Colour changing flower experiment

As a part of our flower project in spring we also dealt with a little science. More precisely, how flowers absorb water through their stems reaching the petals. This colour changing carnation experiment gave me the idea, but there were some glitch in the matrix and we needed to do it twice. Let’s see how.

The flower experiment idea is great, however, we did something wrong or were just unlucky this time.

First of all, what you need to the project:

  • 4-5 white flowers of any kind (chrysanthemum didn’t work very well, carnations were better)
  • food colouring (4-5 colours, or you can mix them)
  • transparent glasses or viols
  • water
  • measuring cup
  • spoon
  • towel for spills
  • scissors
How to do it:
  • prepare everything on a tray for you child and she/he can do all the activities
  • add water to the glasses/viols
  • add the food colouring and mix them with a spoon
  • cut the stem of the flowers (10-15 cms long)
  • make the flowers stand in the glasses/vases

  • wait… minimum 1 or 2 days
In case of the carnations the colouring of the petals could have be seen the next day,
but in the first trial the chrysanthemum took 3 and a half days to show any signs of pigmentation.

While E was preparing (pouring water, cutting stems, mixing colours) the experiment I asked her what she thinks will happen. She didn’t have a clue.

– I don’t know Mommy, You say.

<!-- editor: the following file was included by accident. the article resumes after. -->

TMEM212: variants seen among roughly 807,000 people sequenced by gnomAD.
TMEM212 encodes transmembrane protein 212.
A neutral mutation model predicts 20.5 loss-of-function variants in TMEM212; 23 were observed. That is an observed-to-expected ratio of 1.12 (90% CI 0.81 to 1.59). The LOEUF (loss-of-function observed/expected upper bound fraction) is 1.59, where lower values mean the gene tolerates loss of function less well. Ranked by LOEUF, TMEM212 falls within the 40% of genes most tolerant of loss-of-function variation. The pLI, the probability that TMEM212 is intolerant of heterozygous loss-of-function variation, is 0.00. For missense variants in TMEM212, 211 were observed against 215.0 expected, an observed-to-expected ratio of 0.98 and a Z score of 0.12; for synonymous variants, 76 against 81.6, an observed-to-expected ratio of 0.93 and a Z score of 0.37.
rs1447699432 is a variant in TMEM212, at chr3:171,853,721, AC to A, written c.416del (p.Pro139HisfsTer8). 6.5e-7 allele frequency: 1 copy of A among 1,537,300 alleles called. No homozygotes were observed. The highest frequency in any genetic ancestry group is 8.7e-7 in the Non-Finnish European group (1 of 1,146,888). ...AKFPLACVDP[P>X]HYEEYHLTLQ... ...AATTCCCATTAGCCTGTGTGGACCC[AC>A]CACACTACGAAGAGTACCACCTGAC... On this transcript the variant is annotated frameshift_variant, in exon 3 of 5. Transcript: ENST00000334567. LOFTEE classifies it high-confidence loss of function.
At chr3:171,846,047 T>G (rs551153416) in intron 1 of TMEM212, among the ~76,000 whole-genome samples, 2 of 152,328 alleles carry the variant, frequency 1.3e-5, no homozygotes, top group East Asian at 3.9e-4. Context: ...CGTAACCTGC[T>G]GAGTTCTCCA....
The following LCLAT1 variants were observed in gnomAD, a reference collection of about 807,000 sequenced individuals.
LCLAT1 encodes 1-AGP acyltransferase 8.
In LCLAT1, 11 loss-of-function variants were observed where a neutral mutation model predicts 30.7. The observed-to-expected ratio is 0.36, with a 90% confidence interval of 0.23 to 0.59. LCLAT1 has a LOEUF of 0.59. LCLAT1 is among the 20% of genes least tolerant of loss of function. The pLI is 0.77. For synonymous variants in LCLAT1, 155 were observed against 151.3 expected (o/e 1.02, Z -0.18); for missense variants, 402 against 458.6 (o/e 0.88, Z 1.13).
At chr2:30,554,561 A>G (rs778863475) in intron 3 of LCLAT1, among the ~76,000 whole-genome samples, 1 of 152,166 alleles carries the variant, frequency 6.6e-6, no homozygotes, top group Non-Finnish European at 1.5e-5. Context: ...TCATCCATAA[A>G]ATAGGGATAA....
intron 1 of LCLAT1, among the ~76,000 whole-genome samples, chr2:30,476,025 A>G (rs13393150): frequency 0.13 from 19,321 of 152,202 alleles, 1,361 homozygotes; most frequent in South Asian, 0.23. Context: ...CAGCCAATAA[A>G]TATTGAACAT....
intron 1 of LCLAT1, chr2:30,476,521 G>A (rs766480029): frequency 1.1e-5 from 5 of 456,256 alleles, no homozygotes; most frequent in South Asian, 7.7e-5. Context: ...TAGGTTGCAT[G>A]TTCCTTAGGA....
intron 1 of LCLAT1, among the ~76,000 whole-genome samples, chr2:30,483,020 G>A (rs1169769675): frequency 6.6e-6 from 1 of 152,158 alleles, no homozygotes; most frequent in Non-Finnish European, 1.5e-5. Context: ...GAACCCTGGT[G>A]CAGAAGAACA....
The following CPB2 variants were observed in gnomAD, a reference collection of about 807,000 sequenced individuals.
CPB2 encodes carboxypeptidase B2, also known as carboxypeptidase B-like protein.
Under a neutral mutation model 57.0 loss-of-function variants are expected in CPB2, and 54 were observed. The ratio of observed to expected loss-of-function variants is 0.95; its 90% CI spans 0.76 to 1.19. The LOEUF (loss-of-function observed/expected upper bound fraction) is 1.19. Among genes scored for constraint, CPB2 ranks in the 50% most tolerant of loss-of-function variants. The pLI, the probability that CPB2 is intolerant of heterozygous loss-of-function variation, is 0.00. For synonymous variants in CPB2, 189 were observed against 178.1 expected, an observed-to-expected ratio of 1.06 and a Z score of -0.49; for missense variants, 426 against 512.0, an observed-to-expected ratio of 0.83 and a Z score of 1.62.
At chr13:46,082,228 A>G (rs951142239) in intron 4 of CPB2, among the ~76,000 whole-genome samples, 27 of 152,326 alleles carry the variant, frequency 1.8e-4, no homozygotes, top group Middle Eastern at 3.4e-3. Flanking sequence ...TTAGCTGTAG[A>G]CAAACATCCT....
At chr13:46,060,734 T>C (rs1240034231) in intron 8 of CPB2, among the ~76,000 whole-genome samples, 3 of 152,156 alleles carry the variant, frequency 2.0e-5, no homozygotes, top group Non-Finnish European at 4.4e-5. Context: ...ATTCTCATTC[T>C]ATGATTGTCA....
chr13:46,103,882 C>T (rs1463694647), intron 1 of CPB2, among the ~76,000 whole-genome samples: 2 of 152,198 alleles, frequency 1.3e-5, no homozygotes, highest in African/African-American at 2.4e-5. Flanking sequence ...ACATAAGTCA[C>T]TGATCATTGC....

Then I explained what the coloured water will do:
– The stem will suck up the water, like you suck it up through a straw. (Then she imitated sucking 🙂 )
– The coloured water will be absorbed. (she was digesting the new word)
– The water will reach the petals and they will turn red (I pointed at the flower standing in red water), green (I pointed at the flower standing in green water), blue (I pointed at the flower standing in blue water) and yellow (I pointed at the flower standing in yellow water).

In the first round after a week the chrysanthemums started to wilt so we could not observe any more colours on the petals.

In the second round of the experiment, while I was cleaning, I put the carnations on the floor light-mindedly. Then E. accidentally kicked them over. So after 5 days our second flower experiment was over.  Anyways, we could see the pigmentation of the petals somehow.

She enjoyed preparing the experiment more than the result. Who could blame her after all…?

Let me know if you try this experiment and have better results, let’s say, after 10-12 days.

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